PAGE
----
Small entrepreneurs squeezed out of Oakland’s cannabis equity program

His business, HigherVeda Medicinals, a manufacturer of cannabis edibles, closed its doors because the company, formerly known as Swerve Confections, didn’t have a permit to operate in Oakland on Jan. 1, the day adult-use marijuana sales became legal in California.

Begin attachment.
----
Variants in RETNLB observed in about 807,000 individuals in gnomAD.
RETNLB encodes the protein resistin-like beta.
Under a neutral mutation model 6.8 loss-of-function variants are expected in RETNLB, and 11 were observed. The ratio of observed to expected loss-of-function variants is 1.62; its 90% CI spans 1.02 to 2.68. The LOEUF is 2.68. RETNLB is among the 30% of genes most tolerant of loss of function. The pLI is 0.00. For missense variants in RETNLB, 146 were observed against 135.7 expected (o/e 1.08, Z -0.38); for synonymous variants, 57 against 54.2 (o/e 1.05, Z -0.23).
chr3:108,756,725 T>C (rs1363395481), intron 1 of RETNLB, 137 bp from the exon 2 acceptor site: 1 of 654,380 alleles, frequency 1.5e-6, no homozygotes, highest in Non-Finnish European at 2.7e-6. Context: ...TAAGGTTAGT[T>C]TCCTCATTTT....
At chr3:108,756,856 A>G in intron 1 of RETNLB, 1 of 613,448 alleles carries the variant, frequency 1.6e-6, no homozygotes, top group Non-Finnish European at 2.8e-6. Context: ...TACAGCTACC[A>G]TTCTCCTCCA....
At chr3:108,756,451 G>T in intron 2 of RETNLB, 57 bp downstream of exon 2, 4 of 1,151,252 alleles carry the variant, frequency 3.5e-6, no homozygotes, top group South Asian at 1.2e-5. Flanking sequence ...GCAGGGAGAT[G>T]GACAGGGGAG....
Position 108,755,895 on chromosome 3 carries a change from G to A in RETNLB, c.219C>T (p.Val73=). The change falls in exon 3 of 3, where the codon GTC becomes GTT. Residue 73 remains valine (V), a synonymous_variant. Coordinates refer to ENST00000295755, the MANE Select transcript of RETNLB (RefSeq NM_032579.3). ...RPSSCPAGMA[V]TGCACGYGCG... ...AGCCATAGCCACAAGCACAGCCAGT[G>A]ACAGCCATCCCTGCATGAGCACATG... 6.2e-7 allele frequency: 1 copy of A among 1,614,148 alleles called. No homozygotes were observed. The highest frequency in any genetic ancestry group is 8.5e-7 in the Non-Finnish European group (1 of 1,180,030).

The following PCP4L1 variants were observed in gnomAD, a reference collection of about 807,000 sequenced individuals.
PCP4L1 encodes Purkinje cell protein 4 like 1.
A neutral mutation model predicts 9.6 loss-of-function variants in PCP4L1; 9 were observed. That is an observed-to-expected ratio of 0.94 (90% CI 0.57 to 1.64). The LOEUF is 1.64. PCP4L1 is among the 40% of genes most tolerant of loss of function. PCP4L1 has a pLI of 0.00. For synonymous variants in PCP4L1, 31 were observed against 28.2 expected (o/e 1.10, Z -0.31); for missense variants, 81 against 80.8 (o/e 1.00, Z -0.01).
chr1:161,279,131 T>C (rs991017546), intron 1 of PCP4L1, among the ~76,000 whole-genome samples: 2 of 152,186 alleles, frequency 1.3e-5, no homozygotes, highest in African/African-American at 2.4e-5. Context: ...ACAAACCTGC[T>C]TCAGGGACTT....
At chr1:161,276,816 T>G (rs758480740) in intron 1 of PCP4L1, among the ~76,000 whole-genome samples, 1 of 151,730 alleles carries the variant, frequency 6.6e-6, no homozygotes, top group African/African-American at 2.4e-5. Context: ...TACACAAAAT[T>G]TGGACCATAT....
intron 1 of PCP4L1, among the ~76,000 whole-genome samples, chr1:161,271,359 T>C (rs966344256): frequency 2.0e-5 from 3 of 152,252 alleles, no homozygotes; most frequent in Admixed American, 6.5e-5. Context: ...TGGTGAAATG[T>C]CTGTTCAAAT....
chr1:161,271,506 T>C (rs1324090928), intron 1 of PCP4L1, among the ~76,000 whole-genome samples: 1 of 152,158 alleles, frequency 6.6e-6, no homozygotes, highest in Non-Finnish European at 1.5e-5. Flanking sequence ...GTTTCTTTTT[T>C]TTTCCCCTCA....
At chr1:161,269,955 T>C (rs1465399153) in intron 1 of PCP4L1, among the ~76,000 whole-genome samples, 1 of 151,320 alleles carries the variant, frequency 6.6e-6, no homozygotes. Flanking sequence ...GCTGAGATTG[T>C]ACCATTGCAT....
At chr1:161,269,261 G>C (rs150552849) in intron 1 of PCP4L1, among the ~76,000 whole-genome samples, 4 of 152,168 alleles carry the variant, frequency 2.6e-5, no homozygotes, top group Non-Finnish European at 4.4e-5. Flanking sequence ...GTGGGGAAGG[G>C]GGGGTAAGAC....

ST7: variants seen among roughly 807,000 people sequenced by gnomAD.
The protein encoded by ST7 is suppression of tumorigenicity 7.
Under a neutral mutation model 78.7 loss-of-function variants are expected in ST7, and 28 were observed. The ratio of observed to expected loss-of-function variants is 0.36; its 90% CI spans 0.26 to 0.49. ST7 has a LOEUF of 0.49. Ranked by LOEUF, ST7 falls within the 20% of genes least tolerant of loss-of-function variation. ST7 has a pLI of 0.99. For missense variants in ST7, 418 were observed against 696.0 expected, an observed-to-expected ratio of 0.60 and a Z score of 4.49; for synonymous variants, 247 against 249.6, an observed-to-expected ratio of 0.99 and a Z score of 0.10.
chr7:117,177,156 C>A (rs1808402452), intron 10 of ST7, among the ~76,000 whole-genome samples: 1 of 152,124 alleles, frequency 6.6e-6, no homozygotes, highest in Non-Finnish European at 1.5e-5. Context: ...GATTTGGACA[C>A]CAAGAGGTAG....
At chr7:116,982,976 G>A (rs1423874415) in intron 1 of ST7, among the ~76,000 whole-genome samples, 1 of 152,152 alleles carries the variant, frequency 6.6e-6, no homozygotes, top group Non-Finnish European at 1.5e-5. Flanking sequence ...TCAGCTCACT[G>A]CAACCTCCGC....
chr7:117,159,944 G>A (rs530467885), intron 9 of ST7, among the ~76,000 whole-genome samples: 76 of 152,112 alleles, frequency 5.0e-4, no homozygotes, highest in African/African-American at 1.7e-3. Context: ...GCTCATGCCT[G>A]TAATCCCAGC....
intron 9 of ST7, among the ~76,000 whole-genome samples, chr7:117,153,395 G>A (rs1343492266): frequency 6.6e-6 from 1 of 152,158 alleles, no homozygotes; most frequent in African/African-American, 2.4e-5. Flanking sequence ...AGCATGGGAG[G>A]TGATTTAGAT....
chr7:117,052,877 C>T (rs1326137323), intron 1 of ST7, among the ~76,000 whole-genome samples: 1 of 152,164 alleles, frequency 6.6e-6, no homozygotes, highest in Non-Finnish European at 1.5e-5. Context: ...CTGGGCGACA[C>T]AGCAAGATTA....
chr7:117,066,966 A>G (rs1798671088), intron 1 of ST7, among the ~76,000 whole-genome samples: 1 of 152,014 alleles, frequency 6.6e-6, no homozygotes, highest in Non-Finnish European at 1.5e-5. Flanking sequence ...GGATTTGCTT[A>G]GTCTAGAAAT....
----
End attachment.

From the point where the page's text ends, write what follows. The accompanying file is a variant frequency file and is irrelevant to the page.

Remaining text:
HigherVeda, which produced edibles such as Buzz Bar, an energy snack, is one of the first of what could be dozens of casualties of Oakland’s equity program. The program reserves permits for people who were convicted of a marijuana-related offense in Oakland; earn an income that’s less than 80 percent of the city’s average median income (the average median income is $68,200 for one person in 2017); or have lived for 10 of the past 20 years in an East or West Oakland neighborhood that saw a disproportionately high number of cannabis arrests.


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